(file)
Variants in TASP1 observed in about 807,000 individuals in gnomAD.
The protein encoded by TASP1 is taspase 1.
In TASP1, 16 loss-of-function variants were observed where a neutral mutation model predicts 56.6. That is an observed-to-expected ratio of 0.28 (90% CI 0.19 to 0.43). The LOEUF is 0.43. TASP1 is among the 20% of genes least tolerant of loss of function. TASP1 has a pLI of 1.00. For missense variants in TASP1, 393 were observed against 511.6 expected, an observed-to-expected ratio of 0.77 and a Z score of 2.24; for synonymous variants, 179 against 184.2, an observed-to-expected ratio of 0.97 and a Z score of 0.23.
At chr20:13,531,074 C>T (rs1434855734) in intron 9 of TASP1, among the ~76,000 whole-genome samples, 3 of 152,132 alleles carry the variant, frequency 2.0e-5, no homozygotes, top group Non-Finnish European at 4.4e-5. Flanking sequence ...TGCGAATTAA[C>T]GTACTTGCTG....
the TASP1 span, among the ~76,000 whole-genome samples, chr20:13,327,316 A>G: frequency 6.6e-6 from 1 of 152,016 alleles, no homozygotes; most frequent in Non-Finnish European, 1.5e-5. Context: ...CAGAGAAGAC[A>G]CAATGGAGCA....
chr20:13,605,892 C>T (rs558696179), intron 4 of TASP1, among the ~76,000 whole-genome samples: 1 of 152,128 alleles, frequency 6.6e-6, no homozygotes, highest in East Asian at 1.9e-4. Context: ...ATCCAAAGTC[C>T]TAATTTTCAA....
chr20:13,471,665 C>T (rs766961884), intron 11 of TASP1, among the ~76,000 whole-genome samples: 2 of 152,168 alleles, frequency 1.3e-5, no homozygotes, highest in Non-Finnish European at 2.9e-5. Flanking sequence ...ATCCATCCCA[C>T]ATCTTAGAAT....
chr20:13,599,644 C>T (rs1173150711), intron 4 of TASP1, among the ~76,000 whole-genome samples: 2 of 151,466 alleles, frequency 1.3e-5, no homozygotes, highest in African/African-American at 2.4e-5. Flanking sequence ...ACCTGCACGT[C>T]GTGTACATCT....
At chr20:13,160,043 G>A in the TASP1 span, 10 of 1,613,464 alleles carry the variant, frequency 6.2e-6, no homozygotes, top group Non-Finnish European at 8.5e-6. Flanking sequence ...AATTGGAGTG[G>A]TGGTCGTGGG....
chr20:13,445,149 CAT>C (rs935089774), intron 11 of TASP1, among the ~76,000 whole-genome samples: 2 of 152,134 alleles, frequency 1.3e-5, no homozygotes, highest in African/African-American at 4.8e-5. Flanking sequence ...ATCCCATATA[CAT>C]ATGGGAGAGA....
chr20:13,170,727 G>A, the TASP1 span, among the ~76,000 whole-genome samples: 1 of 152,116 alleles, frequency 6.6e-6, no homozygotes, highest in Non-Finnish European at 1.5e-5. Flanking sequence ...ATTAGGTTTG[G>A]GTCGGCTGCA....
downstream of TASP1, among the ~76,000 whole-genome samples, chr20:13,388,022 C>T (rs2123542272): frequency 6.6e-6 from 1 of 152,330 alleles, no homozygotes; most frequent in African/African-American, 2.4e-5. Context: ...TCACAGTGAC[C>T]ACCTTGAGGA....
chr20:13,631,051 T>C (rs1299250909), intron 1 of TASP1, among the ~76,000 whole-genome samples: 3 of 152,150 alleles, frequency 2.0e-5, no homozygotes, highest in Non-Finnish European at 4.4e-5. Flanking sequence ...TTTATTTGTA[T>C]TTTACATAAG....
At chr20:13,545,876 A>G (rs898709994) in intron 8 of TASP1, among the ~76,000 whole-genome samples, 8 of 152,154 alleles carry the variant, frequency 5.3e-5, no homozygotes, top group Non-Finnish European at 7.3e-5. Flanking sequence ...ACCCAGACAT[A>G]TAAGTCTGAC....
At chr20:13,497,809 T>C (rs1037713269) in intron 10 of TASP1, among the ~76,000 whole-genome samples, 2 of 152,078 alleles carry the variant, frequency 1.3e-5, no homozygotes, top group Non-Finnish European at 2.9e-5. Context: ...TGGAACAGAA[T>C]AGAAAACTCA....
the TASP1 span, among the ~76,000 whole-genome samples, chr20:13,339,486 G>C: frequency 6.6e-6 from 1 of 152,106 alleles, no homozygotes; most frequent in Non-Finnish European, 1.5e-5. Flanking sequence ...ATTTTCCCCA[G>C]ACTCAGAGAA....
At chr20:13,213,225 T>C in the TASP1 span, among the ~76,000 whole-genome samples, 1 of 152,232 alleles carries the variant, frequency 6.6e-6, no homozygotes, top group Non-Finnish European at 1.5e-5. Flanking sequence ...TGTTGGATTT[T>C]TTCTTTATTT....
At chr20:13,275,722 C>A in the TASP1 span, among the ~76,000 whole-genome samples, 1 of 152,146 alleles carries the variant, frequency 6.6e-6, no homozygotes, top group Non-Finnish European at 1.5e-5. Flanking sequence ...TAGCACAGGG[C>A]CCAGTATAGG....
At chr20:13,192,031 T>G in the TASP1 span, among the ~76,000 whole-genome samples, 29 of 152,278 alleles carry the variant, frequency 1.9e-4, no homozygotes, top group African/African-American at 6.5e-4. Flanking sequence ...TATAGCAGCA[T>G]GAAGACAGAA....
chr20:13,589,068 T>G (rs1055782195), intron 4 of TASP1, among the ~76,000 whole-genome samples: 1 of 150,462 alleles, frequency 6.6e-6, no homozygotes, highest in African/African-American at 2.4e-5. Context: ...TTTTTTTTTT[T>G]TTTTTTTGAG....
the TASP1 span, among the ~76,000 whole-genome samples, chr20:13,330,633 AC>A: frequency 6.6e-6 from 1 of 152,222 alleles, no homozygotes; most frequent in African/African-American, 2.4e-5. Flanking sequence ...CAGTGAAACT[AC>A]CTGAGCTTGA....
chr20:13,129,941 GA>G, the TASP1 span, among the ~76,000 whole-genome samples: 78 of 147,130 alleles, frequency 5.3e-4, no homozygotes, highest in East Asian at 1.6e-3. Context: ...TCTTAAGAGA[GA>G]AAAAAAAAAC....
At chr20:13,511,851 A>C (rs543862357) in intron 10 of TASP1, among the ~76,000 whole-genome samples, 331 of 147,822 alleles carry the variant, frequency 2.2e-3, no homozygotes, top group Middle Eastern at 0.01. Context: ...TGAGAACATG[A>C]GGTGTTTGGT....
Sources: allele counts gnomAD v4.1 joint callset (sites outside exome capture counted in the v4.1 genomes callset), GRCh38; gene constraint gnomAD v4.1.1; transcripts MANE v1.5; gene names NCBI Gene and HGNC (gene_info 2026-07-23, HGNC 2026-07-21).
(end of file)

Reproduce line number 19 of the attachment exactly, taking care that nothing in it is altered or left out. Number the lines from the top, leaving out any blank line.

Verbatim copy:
At chr20:13,192,031 T>G in the TASP1 span, among the ~76,000 whole-genome samples, 29 of 152,278 alleles carry the variant, frequency 1.9e-4, no homozygotes, top group African/African-American at 6.5e-4. Flanking sequence ...TATAGCAGCA[T>G]GAAGACAGAA....